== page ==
Classical sculpture was a big change because figures seemed to move more naturally. There was a newfound realization that one part of the human body couldn’t move without affecting other parts of the body. The growth of philosophy brought forth this realization, and physicians now had the knowledge and understanding of muscular systems. Once they shared this knowledge in terms of mechanics, the sculptors began to experiment with the human body in motion.
Bronze was used because of its ability to look fluid and flexible, and then the Romans made copies of these sculptures in marble. By replicating the sculptures into marble, supports had to be added, which is evident in Hermes carrying the infant Dionysos. Sculptures during the classical period were also very complex, but at the same time casual, and they were also harmonious, rhythmic, and proportional.
Praxiteles, the sculptor of Hermes carrying the infant Dionysos, was one of the greatest artists during this period, what people called “The Great Age”. Praxiteles was Athenian, and a leader of The Great Age. He is also the only artist from who we still have original work. Praxiteles’ style has many traits. His sculptures are often youthful, graceful and beautiful. The eyes of sculptures often have a “dreamy” look to them, high, curving skulls, flat cheeks, long, narrow eyes, a delicate mouth, smooth flesh, and rough hair.
Another work of art by Praxiteles, called the Bartlett Aphrodite, had the same traits almost exactly, especially the dramatic, shadowy eyes. Many artists during this time period tried to imitate Praxiteles’ style. This is evident in the sculpture Goddess From Chios. The traits in this sculpture are much more exaggerated. The forehead, for example, is more curved, the cheek bones are neglected, the nose is flat, and the top of the head is in the shape of a triangle.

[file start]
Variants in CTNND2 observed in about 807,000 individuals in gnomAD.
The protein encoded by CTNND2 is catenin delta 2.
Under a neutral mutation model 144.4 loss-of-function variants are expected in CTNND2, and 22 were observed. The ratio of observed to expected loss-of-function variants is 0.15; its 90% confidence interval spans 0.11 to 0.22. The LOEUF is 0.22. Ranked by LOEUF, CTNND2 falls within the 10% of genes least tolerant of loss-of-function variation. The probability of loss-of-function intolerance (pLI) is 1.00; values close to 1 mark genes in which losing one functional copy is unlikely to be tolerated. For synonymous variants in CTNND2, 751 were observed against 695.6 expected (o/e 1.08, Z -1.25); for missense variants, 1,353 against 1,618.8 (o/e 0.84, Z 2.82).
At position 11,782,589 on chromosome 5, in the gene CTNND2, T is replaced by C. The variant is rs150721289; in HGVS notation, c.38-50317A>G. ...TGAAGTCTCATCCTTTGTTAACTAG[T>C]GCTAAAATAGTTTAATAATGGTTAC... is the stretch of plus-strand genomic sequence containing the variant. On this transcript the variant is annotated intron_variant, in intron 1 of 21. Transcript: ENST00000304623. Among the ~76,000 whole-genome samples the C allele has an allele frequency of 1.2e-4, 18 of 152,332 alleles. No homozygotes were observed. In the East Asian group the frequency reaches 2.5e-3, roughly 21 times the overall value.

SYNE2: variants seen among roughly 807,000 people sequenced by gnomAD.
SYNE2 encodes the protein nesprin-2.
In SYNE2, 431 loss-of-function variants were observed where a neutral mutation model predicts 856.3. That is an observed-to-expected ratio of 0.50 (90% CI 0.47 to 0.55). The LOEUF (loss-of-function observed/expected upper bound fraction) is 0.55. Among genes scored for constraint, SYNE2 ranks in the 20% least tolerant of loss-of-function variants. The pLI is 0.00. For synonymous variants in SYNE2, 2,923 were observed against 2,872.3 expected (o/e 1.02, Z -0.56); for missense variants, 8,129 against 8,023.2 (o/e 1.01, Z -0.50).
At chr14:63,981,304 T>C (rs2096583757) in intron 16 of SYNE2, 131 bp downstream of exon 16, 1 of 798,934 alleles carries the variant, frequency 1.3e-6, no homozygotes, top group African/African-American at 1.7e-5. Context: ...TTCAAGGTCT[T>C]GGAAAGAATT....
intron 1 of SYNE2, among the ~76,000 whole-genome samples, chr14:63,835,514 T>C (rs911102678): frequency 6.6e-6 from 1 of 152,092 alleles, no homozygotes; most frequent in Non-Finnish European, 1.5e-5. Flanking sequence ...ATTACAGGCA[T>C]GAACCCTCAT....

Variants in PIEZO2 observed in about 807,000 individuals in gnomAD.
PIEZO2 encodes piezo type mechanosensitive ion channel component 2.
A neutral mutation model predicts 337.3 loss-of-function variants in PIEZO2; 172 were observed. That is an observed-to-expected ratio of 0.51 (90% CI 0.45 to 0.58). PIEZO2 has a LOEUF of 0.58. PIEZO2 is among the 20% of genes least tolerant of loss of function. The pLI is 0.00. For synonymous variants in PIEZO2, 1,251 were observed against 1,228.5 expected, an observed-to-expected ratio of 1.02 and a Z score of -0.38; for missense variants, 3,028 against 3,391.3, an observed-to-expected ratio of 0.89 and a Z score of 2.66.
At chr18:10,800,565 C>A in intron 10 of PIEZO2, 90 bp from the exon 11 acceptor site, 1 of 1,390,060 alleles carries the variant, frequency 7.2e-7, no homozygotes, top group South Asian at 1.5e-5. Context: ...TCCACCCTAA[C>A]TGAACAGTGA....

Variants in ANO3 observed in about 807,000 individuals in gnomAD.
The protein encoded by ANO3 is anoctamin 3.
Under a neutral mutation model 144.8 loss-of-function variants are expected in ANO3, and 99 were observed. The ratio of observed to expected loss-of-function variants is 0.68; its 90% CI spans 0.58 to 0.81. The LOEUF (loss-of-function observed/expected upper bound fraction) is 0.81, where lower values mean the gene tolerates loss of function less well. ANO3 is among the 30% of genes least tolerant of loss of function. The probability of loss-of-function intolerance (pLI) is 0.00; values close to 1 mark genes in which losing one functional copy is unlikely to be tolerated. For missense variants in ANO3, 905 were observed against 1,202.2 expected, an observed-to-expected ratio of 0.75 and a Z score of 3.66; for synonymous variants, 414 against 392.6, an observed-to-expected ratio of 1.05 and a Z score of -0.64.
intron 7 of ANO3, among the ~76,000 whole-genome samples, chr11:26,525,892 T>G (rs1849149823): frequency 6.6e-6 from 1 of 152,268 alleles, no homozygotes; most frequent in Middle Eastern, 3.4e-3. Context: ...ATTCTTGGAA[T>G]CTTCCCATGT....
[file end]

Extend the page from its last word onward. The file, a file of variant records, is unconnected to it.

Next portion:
Another artist during the classical period, Scopas, sculpted something much different than that of Hermes carrying the infant Dionysos. The head that Scopas sculpted from The Temple of Athena Alea at Tegea has a feeling of stress and violent emotion, rather than relaxed emotion. The eyes are round and wide open, there is an upward gaze, an open mouth, and small nostrils. This just shows us how different sculptors’ techniques were during the same period of time.
Many sculptors had many different techniques during the classical period in Greece. Praxiteles, the great one, the “inventor” of nude sculptures, created an astonishing and fascinating sculpture Hermes carrying the infant Dionysos. And only after seeing this work of art in person, and analyzing it have I realized it’s truly a great work of art. With it’s dramatic eyes, fascinating stance, and change in line from painterly and smooth to linear and drastic, this work of art definitely shows why Praxiteles was considered so great in the early centuries. Hermes carrying the infant Dionysos was definitely enlightening to learn about and more interesting to look at and enjoy.